After Paris and its surrounding areas issued a condition of vigilance on Tuesday owing to water scarcity, the whole territory of metropolitan France is now officially in a state of drought.
Over the past few weeks, the nearly total absence of precipitation has contributed to the current spell of dryness. “With a rainfall deficit of 88 percent, France has suffered the driest month of July in its history,” said Christophe Béchu, the Minister of Ecological Transition, on Twitter. “This is the driest month of July that France has ever experienced.”
According to a statement released by the Ministry of Ecological Transition, as many as 57 of the 96 departments that make up the metropolitan territory are on red alert owing to a scarcity of water, while 32 of the departments are on orange alert.
According to the Ministry, the climate crisis is considered to be the primary responsible party for the modification of the “water cycle,” which is characterized by drought episodes that are “more and more frequent” and that begins “earlier and earlier during the year.”
The drought has been further exacerbated by the two intense heat waves that have rocked France in recent weeks, with record temperatures being recorded in several of the country’s cities, and by the third heat wave that began this week and will affect practically the whole country.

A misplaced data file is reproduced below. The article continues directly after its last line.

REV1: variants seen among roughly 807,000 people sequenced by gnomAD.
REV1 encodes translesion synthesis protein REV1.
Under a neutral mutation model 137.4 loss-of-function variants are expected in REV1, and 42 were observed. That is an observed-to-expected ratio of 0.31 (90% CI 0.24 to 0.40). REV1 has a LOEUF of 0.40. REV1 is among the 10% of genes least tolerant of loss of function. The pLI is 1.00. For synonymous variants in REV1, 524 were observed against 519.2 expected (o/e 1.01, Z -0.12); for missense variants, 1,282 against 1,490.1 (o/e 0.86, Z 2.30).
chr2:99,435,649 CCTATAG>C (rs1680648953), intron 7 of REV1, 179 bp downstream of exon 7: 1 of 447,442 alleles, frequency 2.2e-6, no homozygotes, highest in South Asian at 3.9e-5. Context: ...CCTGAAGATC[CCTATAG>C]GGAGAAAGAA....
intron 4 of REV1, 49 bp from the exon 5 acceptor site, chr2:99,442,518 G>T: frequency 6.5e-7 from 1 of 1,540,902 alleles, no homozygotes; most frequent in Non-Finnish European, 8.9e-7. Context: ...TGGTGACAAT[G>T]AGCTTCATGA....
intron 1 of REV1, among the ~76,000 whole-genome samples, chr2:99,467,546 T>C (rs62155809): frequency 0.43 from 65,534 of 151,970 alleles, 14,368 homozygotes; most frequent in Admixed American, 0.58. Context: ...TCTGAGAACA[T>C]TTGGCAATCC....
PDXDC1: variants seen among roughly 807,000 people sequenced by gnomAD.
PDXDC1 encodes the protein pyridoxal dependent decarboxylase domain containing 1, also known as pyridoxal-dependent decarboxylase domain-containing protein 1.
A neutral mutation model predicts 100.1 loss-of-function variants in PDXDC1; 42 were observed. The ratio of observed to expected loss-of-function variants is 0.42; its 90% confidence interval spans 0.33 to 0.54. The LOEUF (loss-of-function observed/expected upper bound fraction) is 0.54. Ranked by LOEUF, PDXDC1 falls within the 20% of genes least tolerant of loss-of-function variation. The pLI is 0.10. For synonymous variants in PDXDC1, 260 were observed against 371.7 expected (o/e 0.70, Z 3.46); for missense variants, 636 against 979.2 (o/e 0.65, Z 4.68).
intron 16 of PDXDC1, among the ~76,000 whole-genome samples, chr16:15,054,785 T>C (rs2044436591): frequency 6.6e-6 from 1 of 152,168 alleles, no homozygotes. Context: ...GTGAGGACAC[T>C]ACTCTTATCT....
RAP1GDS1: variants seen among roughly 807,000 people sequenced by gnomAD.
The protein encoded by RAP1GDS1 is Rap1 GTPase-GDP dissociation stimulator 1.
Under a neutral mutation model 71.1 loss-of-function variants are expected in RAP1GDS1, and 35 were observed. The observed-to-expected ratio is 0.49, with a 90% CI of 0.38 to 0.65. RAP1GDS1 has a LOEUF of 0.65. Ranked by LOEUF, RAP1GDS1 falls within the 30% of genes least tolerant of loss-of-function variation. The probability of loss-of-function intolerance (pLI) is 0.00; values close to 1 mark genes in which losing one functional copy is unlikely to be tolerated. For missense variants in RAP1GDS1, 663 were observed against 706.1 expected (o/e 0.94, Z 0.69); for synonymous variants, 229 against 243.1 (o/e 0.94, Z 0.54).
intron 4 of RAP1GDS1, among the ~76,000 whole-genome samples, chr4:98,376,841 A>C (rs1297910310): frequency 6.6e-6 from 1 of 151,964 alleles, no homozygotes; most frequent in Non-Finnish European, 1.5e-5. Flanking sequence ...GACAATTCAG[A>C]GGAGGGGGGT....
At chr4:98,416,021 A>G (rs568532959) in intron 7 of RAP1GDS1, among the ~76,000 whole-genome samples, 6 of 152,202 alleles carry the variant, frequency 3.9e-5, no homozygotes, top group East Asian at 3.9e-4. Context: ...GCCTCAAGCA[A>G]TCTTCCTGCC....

There are restrictions on water use for irrigation and washing cars in large parts of France. These restrictions have even led several departments to use tankers to provide drinking water to some populations. These restrictions are particularly severe in the mountainous department of Haute-Savoie, which is currently on high alert.
In addition, agriculture is suffering severe setbacks throughout a significant portion of the country due to the drought.
The Hydrological Forecasting and Monitoring Committee, often known as CASH, recently got together to evaluate the current hydrological state of the Franche metropolitan region and investigate the potential for a drought this year.
The severity of the dryness of forests is exacerbated when heatwaves and droughts occur together. This makes it much simpler for forest fires to spread, a significant issue in several regions of France this summer.